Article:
President Trump used a big bully pulpit — his historic first address to the U.S. Congress — to condemn the shooting of an Indian computer engineer on Feb. 22 in Kansas that the FBI said Tuesday it is investigating as hate crime.
“We may be a nation divided on policies, we are a country that stands united in condemning hate and evil in all of its very ugly forms,” Trump said, speaking of both the Kansas attack and the vandalism in Jewish cemeteries and other anti-Semitic attacks in recent days. Earlier in the day, the White House gave its first direct comment on the Kansas attack calling it “an act of racially motivated hatred.”
Critics on social media reacted quickly — praising Trump for addressing the issue, but wondering why it took so long.
“Finally, Trump condemns the hatred in Kansas and elsewhere. Finally,” author Anand Giridharadas said in a tweet.
Trump’s high-profile denunciation came after nearly a week in which several prominent former State Department officials and others criticized the White House, including the former U.S. ambassador to India, Richard Verma, and Nisha Biswal, the former assistant secretary of state for South and Central Asia.
On Tuesday, Biswal thanked the president for “doing the right thing” by condemning this “act of terror.”
“Now stop the policies and rhetoric that fuel this hate,” she said in a tweet.
Thank you for doing the right thing Mr President by condemning this act of terror & hate. Now stop the policies & rhetoric that fuel hate. https://t.co/lOMEDkrBxq
— Nisha Biswal (@NishaBiswal) February 28, 2017
Yet “sound of his silence” has already spoken volumes, the Kolkata writer Sandip Roy wrote in a column for the Huffington Post shortly before the president’s speech. He noted that Trump was quick to denounce terror acts in Paris and Florida but also said nothing when a white supremacist attacked a mosque in Canada.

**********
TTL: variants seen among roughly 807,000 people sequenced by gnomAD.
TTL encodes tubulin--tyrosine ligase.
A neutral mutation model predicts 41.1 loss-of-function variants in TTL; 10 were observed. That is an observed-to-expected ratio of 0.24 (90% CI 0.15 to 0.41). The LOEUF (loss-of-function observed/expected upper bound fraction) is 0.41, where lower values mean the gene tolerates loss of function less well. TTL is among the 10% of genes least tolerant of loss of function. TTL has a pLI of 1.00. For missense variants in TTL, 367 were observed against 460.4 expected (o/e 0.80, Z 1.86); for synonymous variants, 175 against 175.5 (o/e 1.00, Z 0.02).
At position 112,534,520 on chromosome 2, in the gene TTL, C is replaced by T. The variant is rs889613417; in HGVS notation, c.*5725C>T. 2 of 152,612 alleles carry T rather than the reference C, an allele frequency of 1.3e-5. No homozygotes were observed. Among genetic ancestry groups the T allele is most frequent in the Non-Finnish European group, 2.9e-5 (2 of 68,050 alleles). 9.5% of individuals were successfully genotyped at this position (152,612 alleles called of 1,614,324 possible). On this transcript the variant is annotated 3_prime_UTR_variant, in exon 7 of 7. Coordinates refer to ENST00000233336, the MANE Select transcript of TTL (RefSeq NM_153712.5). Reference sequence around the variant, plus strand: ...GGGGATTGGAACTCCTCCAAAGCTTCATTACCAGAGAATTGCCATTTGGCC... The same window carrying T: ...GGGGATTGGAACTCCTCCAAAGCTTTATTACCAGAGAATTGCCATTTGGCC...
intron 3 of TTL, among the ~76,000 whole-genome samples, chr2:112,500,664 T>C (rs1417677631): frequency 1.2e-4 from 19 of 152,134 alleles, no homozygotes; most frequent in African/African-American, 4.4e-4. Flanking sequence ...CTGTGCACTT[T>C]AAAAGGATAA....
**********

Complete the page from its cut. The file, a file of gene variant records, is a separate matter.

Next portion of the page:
On Tuesday, more than 200 people attended the cremation service for the slain computer engineer, Srinivas Kuchibhotla, in the southern Indian city of Hyderabad, after an emotional day for the slain man’s family. His weeping mother told The Washington Post that she had begged her other son not to return to the United States, where he also lives, and politicians turned up waving signs that said “Down With Trump.” The attack has stoked fear among Indians that thousands of friends and relative living in the United States are not safe given its racially charged political climate of recent months.
Kuchibhotla was shot and killed by a drunken attacker in an Olathe, Kan., bar who shouted “Get out of my country” and may have mistaken him for a person of Iranian descent, authorities have said. Another Indian national was also injured in the attack, as well as a bystander who tried to intervene.
Now, the pressure may build for India’s prime minister, Narendra Modi, to comment, as well. The prime minister was quick to tweet about the Orlando gun massacre last year, the opinion website DailyO noted in an opinion piece, but remained “eerily silent over an issue that directly relates to the well being of Indians residing in Donald Trump’s America.”
Was he hesitant in calling out xenophobia because it would draw “immediate and strong parallels to what’s happening in India,” the piece wondered. The article referred to the violence and riots that occurred when “bigotry got the better of majority Indians” — including the killing of a Muslim man over rumors he had eaten beef, which is sacred to the Hindu faith, and rowdy acts of a right-wing Hindu group on college campuses.